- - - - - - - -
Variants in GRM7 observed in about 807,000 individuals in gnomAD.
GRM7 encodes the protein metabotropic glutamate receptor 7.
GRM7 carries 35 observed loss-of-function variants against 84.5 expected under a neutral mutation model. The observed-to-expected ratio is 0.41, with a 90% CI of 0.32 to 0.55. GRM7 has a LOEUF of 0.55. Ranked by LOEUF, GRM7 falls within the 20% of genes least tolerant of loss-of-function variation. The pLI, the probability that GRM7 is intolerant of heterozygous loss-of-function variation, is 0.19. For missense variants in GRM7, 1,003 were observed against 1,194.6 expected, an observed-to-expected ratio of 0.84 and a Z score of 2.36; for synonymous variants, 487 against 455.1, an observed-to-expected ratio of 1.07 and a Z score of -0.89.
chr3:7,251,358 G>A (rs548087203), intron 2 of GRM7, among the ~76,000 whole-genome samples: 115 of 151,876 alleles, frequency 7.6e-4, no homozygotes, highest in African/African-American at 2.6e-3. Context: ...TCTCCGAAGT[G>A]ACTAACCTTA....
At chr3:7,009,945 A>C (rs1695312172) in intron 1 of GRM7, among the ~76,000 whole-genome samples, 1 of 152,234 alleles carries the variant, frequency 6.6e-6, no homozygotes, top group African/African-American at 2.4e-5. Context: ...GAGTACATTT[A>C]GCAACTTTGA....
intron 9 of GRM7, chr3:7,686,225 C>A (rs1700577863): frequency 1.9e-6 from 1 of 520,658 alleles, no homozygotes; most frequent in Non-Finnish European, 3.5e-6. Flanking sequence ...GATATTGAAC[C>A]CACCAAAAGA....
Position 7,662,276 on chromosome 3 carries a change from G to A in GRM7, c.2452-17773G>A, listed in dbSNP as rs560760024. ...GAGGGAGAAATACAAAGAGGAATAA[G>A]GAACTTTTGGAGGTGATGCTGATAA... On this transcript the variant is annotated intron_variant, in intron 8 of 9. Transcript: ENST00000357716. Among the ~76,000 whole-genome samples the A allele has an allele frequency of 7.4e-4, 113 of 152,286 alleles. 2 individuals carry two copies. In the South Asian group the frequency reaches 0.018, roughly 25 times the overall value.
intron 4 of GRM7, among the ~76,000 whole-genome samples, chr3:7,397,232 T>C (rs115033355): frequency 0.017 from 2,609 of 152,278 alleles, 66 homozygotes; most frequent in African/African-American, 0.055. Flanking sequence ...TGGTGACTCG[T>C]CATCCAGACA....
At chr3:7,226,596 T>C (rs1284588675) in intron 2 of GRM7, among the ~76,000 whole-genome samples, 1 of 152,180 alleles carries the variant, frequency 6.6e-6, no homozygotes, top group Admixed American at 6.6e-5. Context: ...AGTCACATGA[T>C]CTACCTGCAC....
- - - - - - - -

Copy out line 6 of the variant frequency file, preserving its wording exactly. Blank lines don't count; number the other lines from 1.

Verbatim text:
intron 9 of GRM7, chr3:7,686,225 C>A (rs1700577863): frequency 1.9e-6 from 1 of 520,658 alleles, no homozygotes; most frequent in Non-Finnish European, 3.5e-6. Flanking sequence ...GATATTGAAC[C>A]CACCAAAAGA....